His calling is simple enough. “Follow Me.” But notice where Matthew follows him – immediately into a house full of the most undesirable of folk – tax collectors and sinners. If you’re looking for glitz and glamour, if you’re looking to hang out with a better sort of folk, then don’t follow Jesus. Look who He chooses to hang out with. And to make it worse, Jesus is reclining at table with them. With whom do you eat? You see some poor soul on the side of the road with a sign reading, “Homeless. Hungry.” What do you do? You probably do not give him money because you want to be sure that he doesn’t use it to his own detriment with alcohol or drugs. But maybe you’ll hand him a granola bar or the sandwich that you had planned to eat for lunch. Maybe you’ll swing through the drive-through and bring him a burger and fries. But would you even entertain the possibility of saying to him, “Meet me over at that burger joint.” And then sit down to eat with him. I know all the reasons we use for not being that bold. You can smell him from five feet away. You don’t have the time; there’s a schedule to keep. And what about safety? Even though he never enters your car and you’re with him in a public space with dozens of people nearby, still who knows what he will do? But now imagine that instead of the stereotypical homeless man, you are approached by your favorite celebrity. I’ll go with Yadier Molina. He asks you to join him for dinner. I’m in! But I don’t know him any better than the disheveled guy on the corner. Molina has a fine reputation, but I don’t know the man. Yet it is so easy to accept his invitation. It is so easy to refuse to sit at table with the rejected and undesirable and then in the next breath to accept an invitation from the prominent and famous. It is so easy to go from saying, “He made his bed; let him lay in it.” to saying, “Isn’t it grand to sit at table with somebody like that.” It is so easy for us to do that because we all are adept at being Pharisees. There they are shocked that Jesus would recline at table with the likes of tax collectors and sinners. You can see them looking down their noses at the wretched ilk reclining with Jesus and so they get the disciples attention and ask incredulously, “Doesn’t Jesus know who He is eating with?” Your question has been cut from the same cloth – “Who would want to be with somebody like that?” You say it about the guy on the corner; you say it about that good-for-nothing at work; you say it about the black sheep of the family; and you even say it about a brother or sister in Christ who just doesn’t match up to your standards.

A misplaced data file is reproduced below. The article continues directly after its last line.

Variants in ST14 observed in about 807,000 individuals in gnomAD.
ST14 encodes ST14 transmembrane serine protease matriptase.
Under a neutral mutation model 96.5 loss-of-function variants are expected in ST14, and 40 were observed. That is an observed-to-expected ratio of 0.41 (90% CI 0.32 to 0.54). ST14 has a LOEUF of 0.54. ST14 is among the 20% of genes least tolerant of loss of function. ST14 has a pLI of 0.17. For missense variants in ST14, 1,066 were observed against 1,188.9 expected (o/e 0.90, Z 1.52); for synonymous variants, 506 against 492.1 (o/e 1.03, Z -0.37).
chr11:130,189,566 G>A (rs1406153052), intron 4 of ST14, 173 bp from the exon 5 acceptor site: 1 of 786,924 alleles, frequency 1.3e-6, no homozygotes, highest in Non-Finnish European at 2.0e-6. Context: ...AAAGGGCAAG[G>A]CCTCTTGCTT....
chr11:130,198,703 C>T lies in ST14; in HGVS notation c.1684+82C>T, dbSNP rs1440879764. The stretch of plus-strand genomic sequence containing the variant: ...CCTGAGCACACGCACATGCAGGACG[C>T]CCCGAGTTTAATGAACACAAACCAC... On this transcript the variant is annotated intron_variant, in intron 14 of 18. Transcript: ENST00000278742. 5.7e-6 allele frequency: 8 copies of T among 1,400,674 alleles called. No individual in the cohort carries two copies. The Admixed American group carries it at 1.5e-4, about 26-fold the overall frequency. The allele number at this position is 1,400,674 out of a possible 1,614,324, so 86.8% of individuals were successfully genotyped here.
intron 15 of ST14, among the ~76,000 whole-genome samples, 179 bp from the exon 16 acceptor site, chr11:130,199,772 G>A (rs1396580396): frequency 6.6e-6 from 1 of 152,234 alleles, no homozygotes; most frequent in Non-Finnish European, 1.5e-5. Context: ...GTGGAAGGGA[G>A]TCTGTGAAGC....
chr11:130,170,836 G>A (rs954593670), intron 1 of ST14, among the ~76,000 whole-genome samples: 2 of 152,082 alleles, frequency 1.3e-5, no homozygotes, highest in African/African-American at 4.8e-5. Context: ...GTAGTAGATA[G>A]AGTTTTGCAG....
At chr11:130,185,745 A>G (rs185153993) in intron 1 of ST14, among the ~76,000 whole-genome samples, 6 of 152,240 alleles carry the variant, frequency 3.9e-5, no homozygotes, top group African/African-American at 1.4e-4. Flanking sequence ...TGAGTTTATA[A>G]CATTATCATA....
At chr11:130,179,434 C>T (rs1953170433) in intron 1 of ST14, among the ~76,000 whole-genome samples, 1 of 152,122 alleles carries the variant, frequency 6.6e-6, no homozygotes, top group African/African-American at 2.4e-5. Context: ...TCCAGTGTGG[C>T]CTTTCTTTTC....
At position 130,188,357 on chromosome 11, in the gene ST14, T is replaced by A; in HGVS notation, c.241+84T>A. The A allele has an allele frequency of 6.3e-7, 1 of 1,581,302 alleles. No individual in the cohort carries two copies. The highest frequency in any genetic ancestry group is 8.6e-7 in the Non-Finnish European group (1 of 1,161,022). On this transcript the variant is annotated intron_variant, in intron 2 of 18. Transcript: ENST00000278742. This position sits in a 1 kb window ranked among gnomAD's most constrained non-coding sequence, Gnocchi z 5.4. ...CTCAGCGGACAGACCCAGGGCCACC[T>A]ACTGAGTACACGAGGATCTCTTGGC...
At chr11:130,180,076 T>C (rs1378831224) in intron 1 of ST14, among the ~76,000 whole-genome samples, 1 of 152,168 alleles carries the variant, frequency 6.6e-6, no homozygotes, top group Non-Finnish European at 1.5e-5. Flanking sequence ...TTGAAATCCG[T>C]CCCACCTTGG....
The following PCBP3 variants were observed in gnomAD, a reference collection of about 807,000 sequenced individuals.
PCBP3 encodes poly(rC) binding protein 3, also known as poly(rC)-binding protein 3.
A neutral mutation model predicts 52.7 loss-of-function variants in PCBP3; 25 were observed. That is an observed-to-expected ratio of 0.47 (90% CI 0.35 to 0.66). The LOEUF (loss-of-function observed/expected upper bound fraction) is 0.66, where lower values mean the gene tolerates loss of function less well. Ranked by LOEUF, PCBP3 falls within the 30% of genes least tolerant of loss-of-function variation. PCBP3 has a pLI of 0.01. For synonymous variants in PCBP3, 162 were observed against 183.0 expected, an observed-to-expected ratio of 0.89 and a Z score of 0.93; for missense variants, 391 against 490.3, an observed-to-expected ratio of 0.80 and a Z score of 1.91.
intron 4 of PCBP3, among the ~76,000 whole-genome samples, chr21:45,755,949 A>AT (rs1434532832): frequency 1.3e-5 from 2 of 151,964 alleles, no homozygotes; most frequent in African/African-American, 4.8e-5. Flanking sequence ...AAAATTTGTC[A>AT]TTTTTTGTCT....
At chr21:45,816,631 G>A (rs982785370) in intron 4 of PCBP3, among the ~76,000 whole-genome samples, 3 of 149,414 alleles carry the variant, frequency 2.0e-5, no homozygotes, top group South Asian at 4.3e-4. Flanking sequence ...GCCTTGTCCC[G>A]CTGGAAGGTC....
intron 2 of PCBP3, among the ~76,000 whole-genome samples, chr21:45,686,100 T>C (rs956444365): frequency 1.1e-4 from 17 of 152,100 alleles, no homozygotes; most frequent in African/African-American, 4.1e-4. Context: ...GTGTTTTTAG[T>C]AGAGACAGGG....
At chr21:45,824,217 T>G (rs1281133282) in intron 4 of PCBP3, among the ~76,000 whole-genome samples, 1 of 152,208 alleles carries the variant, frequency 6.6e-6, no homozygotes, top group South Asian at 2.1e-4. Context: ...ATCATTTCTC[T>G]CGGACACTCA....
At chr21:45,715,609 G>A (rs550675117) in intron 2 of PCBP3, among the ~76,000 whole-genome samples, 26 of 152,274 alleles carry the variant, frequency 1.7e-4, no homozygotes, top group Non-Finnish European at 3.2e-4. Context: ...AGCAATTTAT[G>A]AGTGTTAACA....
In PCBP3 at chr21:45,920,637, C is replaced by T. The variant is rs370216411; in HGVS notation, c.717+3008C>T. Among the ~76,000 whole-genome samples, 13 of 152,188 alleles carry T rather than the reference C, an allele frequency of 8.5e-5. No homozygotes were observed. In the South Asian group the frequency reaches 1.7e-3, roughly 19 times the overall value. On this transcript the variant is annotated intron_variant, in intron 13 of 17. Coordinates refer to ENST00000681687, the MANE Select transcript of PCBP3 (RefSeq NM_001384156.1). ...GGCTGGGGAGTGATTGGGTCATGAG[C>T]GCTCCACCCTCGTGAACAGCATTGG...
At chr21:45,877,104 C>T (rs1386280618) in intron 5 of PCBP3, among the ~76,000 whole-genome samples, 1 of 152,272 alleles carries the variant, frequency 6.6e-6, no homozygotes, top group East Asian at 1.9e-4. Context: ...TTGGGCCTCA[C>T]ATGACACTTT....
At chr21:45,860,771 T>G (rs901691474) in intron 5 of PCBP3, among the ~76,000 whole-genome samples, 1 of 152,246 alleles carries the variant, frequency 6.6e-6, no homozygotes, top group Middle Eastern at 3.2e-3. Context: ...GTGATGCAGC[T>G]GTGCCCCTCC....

If it weren’t bad enough that we act that way, we make it all the more perverse by justifying our actions in pious language. Looking at the mess in our world today – marriage treated as a throw-away institution or a wax nose to be twisted into whatever you want it to be; children treated as either trophies or a nuisance; a nation in the firm grip of economic entropy; the fabric of society falling apart at the seams – you look at that mess and say, “Things wouldn’t be this way if we just had more good Christians.” What is a “good Christian?” Listen to Jesus. “The strong have no need of a doctor, but those who have it bad [need him.]” Those who have it bad – that is how Jesus puts it literally. That is who Jesus identifies with. That is with whom Jesus reclines at table. If you have your life put together, if you are not sick with sin, go home. You don’t need Jesus. But if you are a mess and your life is a train wreck, if you know that you have it bad and you can’t seem to find a way to get it right, then Jesus is the One for you. He called Matthew away from the tax collectors booth where he had it bad, making himself rich by cheating others. And Jesus calls you away from your own sin because just like Matthew, just like the tax collectors and sinners reclining at table with Jesus, just like the Pharisees though they are too blind to see it, you’ve got it bad. And only Jesus can cure what ails you.